Driving that decline are recent moves that have investors questioning DryShips' ability to turn its sinking ship around.
Firming up the finances
DryShips spent nearly all of last year focused on staying afloat. This fight for survival led the company to shed assets and restructure debt to get back on solid ground. The culmination of those efforts was the signing of a $200 million revolving credit facility with an entity controlled by the company's founder as well as securing an outside investment that would allow it to raise up to $200 million of equity capital.
As a result of these and other transactions, DryShips ended 2016 with $76.8 million of cash, $137.5 million of debt, and $79 million of liquidity on its new revolver. With that liquidity in hand, the company started looking for acquisition opportunities across the shipping sector as it sought to rebuild its fleet.
Going on a buying spree
Just a few days into 2017 it found its first target. A company owned by its founder agreed to sell it a no-cost option to acquire four Very Large Gas Carriers (VLGCs) currently under construction. DryShips can buy these vessels for $83.5 million apiece, or $334 million for the group. Furthermore, if DryShips exercised its options, which it needs to do by April, it could expect deliveries in June, September, October, and December of this year.
Each vessel had already secured long-term time charters with major oil companies and oil traders, meaning that they would supply steady cash flow upon delivery. In fact, the total backlog of these contracts was about $390 million, which meant that DryShips could recoup its initial investment and then some with further upside from future contracts or vessel sales.
Earlier this week the company exercised the option for the first ship, which it expects to take delivery in June. This carrier is employed on a fixed-rate time charter for five years, with options to extend it another three years. At the contract price, DryShips stands to collect a minimum of $54 million in revenue, which could max out at $92.7 million. That works out to more than $10 million in guaranteed annual revenue over the next five years, which is in stark contrast to the company's former business model.
The shifting business model
Currently, DryShips leases its dry bulk carrier fleet at spot market prices, which enables it to capture the full impact of the current market. That is great when prices are high, but can prove disastrous when prices plunge, which has been the case over the past year. As the below chart shows, spot rates were so low last year, that DryShips lost money because dayrates were below vessel operating expenses:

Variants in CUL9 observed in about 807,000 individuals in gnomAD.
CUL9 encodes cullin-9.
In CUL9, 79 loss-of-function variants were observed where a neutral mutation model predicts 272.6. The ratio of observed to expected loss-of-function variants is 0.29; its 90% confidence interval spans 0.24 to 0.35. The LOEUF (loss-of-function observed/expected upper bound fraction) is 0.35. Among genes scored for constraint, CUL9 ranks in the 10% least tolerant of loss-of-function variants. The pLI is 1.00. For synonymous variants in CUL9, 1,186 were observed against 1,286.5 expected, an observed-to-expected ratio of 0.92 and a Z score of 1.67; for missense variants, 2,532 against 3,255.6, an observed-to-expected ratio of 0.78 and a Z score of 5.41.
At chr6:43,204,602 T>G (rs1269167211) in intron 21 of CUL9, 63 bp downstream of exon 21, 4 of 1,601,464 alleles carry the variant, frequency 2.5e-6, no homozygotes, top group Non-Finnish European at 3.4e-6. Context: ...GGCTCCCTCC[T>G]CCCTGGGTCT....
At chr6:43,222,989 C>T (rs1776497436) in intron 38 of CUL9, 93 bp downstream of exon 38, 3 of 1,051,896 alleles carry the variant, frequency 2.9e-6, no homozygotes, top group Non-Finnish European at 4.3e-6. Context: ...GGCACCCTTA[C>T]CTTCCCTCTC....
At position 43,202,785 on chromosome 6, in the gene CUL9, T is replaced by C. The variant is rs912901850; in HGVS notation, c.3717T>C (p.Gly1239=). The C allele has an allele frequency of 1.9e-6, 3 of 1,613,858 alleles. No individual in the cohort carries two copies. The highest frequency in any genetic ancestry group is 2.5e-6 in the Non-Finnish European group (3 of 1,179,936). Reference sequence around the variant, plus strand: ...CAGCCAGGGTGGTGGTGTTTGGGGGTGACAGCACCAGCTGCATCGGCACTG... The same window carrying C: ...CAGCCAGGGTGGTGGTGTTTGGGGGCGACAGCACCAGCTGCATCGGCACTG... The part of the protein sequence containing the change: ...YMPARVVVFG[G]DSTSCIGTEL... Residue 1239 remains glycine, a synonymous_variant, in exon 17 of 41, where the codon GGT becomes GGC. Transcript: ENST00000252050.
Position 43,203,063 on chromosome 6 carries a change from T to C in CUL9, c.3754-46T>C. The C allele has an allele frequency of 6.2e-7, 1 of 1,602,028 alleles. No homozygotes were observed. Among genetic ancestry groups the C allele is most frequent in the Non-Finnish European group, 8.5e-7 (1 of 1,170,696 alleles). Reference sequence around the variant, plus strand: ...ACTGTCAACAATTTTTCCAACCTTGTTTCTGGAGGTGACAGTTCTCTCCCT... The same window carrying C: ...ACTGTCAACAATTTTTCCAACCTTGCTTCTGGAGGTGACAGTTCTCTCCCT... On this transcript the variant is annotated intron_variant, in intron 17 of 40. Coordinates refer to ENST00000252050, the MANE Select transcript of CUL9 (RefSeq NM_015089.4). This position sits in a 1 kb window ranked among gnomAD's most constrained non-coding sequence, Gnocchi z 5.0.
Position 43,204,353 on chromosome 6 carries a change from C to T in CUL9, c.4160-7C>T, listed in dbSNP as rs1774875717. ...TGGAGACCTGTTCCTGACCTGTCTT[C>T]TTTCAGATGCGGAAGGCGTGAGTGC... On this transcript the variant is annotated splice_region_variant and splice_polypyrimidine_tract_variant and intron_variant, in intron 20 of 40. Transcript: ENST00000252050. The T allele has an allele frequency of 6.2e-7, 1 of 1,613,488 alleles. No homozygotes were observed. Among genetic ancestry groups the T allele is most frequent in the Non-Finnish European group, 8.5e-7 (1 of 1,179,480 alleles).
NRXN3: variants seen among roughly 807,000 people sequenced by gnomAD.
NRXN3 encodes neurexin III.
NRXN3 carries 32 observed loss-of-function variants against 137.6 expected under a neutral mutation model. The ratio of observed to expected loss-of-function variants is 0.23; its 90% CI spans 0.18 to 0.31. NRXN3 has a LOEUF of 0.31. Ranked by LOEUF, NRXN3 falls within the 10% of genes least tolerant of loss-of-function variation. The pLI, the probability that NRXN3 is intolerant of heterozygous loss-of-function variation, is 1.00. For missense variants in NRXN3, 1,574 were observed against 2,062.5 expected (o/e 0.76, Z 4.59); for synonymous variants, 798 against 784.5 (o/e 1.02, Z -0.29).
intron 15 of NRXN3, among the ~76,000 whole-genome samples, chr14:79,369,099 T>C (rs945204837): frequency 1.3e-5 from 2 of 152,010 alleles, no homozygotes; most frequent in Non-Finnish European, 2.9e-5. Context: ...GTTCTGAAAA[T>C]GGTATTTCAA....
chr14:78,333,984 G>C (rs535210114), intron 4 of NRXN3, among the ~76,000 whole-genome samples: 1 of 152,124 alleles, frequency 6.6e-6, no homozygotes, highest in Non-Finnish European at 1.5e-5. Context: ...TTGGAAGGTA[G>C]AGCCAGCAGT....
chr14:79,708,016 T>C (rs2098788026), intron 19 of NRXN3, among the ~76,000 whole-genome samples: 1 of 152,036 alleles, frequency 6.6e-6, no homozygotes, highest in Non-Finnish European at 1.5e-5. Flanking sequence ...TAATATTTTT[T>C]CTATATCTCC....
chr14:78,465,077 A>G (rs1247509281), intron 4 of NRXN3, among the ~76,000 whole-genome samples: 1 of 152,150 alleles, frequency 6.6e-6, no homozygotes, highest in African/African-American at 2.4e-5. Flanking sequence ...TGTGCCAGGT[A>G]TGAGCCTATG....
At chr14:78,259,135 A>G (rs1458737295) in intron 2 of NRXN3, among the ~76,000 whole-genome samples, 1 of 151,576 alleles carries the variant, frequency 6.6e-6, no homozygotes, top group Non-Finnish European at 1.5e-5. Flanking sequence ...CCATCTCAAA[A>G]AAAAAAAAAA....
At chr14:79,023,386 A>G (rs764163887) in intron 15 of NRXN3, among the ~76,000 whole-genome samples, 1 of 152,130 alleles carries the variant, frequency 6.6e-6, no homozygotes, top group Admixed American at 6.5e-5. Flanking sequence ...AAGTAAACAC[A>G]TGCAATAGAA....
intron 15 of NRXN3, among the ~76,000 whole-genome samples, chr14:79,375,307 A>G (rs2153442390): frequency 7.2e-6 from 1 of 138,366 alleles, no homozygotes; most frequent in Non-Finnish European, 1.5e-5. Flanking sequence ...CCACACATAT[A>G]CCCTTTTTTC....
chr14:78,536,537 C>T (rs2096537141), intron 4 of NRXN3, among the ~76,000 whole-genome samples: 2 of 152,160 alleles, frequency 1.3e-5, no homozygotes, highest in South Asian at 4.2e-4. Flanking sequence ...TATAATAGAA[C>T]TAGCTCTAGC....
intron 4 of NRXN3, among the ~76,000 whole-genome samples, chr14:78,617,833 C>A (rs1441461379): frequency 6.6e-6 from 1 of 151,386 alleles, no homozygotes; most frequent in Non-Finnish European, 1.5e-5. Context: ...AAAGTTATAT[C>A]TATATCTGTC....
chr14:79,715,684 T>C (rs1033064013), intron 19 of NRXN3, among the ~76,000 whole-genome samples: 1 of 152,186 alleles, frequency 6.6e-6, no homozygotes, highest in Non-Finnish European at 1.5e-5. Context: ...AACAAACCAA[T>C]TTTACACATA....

Contrast this with the revenue model of the vessels it intends to acquire in the future, which will have fixed revenue rates and relatively fixed vessel operating expenses.
We can see an excellent example of how this model works at containership lessor Seaspan Corporation (NYSE:SSW), which typically signs all its vessels to long-term time charters. As a result, Seaspan collected $664.7 million in revenue during the first nine months of this year, up 10.7% year over year thanks to new vessel additions. Meanwhile, ship operating expenses were relatively steady at $145 million. That revenue stability came amid one of the most turbulent containership markets in recent years after a major South Korean shipper went bankrupt. While that bankruptcy did impact Seaspan, the company still managed to grow earnings and produce relatively stable cash flow thanks to a large fleet underpinned by long-term time charters.
This stability is what DryShips hopes to secure by adding vessels signed to long-term time charters. However, it will not come overnight, given that the first ship will not arrive until June. Furthermore, the company is paying a high price for this security because those four newbuild vessels could potentially use up nearly all its available liquidity. These factors have investors worried that DryShips might still be in over its head.
Investors need to realize that DryShips is a highly risky stock. While it has gone to great lengths to shore up its liquidity and stabilize its revenue stream, there's a very real risk that it could continue sinking all the way to zero if things do not work out as planned.